And while the current gradient conditions are certainly important to study for the long-term insights they provide, just as important will be the findings from van Gestel's warming experiment to show just how quickly changes are happening. Alicia Purcell, a doctoral student at Northern Arizona University, will use a technique called quantitative stable isotope probing (qSIP), a novel method developed by van Gestel's collaborator Bruce Hungate, director of the Center of Ecosystem Science and Society at Northern Arizona University, to identify what microorganisms are actively growing and how fast.
Using open-top warming chambers that allow in sunlight and trap its heat, van Gestel and McMillen can warm small areas of soil and vegetation while still allowing precipitation – this means variables other than temperature are kept as consistent as possible so they're only testing the effects of the temperature.
Van Gestel's research team collects four intact soil/moss core samples from each of four research sites spread across the plant productivity gradient, then add water to the cores and replace them within the warming chamber for at least two weeks. One pair of cores receives highly purified water, while the other pair receives water containing a heavier oxygen isotope, oxygen-18.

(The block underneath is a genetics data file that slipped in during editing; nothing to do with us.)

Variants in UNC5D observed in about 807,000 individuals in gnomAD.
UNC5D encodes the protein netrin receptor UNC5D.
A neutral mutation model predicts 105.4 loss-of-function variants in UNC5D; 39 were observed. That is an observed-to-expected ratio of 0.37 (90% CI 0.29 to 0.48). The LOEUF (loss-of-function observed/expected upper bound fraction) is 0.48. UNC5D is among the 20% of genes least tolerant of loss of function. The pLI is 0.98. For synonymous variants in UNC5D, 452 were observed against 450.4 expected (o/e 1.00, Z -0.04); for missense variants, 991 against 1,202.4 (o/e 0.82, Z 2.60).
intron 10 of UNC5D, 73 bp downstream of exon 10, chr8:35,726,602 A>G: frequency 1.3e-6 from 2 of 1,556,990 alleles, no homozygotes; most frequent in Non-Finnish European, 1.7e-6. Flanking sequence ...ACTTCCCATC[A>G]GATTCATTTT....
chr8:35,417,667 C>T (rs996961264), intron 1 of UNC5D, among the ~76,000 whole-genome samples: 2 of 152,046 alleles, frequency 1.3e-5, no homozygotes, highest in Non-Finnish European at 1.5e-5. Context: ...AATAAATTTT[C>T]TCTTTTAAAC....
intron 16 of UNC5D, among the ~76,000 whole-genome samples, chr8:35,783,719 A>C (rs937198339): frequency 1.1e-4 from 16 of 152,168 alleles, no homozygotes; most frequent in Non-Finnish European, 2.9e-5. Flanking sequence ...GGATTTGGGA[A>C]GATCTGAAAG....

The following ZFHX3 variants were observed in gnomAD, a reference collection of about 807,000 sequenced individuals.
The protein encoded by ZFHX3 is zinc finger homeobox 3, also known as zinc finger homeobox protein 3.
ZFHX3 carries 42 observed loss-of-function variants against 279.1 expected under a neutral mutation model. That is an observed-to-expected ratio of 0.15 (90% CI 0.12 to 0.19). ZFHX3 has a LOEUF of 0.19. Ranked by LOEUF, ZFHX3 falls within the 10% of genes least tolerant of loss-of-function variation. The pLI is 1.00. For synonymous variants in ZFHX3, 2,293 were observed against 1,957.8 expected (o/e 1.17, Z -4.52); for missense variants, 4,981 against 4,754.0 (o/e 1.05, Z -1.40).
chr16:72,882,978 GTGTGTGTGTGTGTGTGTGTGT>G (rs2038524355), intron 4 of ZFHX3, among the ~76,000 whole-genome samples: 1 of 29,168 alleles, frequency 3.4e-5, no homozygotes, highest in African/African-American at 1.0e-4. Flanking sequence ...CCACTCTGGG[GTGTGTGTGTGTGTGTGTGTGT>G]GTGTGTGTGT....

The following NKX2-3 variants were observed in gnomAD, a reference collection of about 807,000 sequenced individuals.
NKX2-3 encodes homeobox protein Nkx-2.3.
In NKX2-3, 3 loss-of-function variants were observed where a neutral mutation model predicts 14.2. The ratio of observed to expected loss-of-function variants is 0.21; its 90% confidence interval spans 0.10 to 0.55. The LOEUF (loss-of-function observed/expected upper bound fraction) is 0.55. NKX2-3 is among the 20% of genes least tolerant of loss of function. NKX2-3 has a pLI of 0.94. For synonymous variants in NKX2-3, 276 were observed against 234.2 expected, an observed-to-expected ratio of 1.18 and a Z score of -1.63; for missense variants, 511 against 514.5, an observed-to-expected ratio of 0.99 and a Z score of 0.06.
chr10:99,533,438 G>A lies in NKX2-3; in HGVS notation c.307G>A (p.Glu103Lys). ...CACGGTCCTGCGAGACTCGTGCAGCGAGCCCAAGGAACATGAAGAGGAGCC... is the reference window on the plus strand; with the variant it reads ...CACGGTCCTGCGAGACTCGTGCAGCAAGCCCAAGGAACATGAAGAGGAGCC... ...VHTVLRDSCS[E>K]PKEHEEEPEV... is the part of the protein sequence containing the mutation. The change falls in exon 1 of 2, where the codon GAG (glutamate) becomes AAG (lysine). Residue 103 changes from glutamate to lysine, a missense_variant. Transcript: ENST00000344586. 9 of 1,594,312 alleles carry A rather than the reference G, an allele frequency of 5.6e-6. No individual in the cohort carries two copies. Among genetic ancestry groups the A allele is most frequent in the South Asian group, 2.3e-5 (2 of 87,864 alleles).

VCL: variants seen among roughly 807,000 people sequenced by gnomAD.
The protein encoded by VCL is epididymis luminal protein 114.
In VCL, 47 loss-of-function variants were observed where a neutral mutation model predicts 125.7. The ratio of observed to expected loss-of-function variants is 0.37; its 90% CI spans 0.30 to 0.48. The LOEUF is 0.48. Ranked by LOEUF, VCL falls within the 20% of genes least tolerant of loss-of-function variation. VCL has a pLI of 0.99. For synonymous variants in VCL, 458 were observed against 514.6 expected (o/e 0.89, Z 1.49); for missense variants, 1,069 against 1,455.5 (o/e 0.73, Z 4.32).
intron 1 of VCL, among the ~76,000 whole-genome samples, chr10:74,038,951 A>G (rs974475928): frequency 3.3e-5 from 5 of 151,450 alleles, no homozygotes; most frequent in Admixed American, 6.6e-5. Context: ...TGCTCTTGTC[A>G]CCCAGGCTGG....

"Microbes that are active will use water," van Gestel said. "The heavier oxygen from the water is incorporated into their DNA and thus makes their DNA heavier. We can calculate growth rates from how much heavier their DNA becomes. Those that have become much heavier are those that grew the fastest. Those that do not show any differences in DNA density are those that did not grow.
"The field qSIP technique with intact cores has never been used in Antarctica before, and we believe it will provide a novel understanding of microbes. We will use the data on microbial growth rates and on photosynthetic activity of plants to understand controls of ecosystem carbon balance. So getting data from both plants and microbes is essential."